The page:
“Blessed are the merciful: for they shall obtain mercy.” The merciful are not much respected in this world—at least if they are imprudently merciful; the man who forgives too much, or who is too generous, is not considered to be wise. But Christ declares that he who has been merciful—merciful to supply the wants of the poor, merciful to forgive his enemies and to pass by offences, shall obtain mercy. Here, again, is the world turned upside down. “Blessed are the pure in heart: for they shall see God.” The world says, “Blessed is the man who indulges in a carefree life.” If you ask the common run of mankind who is the happy man, they will tell you, “The happy man is he who has abundance of money, and spends it freely, and is freed from restraint—who leads a merry dance of life, who drinks deep of the cup of intoxication—who revels riotously, who, like the wild horse of the prairie, is not restrained by reason, but who dashes across the broad plains of sin, unharnessed, unguided, unrestrained.” This is the man whom the world calls happy: the proud man, the mighty man, the Nimrod, the man who can do just as he wishes, and who spurns to keep the narrow way of holiness. Now, the Scripture says, not so, for “Blessed are the pure in heart, for they shall see God”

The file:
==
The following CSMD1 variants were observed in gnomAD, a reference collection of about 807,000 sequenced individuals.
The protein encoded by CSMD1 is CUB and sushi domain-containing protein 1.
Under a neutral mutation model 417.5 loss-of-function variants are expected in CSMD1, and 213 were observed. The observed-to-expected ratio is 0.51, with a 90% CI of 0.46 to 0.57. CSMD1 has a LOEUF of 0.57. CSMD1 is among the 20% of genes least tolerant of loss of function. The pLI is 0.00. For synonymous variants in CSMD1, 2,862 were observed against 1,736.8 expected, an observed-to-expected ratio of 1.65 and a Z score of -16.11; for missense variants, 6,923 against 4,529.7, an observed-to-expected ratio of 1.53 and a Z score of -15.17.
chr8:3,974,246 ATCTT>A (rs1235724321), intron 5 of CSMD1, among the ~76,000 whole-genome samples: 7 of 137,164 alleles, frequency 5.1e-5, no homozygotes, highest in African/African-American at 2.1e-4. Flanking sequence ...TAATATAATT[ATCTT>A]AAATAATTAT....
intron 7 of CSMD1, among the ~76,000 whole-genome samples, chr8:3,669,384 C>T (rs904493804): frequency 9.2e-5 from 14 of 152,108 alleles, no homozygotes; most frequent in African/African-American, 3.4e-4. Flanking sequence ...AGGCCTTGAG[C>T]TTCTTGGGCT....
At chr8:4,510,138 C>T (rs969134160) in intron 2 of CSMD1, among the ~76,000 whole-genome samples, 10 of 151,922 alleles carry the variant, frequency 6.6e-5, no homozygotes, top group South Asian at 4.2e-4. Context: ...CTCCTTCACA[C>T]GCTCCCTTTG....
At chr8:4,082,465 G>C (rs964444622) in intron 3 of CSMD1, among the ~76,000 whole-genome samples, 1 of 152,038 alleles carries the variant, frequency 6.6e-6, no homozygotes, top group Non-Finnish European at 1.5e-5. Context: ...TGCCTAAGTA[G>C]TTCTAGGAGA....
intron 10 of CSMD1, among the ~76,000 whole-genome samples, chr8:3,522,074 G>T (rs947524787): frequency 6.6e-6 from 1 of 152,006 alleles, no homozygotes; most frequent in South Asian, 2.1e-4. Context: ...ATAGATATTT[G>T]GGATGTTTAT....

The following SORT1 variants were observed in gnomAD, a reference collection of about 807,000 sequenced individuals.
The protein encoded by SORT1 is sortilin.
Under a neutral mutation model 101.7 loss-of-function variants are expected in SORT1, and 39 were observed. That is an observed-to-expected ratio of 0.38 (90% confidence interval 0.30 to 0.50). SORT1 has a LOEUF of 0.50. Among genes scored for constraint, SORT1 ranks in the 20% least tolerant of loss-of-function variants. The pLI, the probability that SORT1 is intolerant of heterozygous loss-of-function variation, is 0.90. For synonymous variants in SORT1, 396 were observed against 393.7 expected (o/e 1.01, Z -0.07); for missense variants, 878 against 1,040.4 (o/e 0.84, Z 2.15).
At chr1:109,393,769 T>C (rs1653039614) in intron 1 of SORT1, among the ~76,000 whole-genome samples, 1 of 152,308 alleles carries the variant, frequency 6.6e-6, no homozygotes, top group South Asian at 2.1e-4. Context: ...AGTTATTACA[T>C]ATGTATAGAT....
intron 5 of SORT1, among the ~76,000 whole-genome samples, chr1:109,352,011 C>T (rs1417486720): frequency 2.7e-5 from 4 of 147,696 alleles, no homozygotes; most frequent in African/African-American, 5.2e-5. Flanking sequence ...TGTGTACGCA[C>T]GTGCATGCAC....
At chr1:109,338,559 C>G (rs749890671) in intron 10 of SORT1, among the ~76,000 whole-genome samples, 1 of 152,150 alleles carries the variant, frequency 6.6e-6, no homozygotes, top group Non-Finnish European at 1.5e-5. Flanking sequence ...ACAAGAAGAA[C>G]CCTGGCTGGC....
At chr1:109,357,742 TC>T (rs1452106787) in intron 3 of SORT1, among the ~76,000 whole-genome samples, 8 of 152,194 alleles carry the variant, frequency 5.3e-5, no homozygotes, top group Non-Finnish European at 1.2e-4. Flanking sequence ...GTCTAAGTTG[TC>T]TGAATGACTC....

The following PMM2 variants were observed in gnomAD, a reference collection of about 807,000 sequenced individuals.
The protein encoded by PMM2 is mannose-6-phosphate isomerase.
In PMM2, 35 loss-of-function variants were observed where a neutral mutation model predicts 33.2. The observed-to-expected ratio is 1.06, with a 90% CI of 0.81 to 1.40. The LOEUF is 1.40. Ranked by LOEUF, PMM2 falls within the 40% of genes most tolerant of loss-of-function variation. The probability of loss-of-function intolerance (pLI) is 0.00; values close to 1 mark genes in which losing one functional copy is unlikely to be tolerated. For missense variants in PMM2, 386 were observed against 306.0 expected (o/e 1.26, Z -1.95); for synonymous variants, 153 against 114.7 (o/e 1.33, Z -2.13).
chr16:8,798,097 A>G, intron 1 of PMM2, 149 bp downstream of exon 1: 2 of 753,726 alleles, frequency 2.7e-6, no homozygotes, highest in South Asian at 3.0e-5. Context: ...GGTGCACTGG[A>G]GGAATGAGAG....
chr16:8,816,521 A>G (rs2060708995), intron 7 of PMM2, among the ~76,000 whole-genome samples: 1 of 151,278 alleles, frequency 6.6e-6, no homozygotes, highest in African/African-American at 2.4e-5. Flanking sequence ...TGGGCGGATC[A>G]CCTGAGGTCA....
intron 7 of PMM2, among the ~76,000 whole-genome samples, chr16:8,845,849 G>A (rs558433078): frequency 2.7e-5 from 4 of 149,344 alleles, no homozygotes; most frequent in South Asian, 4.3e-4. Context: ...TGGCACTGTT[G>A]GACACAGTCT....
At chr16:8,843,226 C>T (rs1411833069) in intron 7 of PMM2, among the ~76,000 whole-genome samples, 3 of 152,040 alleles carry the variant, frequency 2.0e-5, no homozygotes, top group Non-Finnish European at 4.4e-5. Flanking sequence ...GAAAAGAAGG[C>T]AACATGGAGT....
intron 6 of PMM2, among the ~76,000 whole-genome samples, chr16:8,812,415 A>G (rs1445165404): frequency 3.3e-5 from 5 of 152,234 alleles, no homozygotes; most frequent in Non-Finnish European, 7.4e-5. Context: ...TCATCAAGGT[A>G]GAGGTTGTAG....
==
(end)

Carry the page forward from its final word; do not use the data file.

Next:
“Blest is the man who shuns the place Where sinners love to meet; Who fears to tread their wicked ways, And hates the scoffer’s seat….”
The man who cannot touch one thing because that would be lascivious, nor another because that would spoil his communion with his Master; a man who cannot frequent this place of amusement, because he could not pray there, and cannot go to another, because he could not hope to have his Master’s sanction upon an hour so spent—that man is blessed!
For meditation: The world was turned upside down through men who had been turned upside down (Mark 9:34,35; 10:42-44). Do we need to know a lot more of that in our churches and individual lives?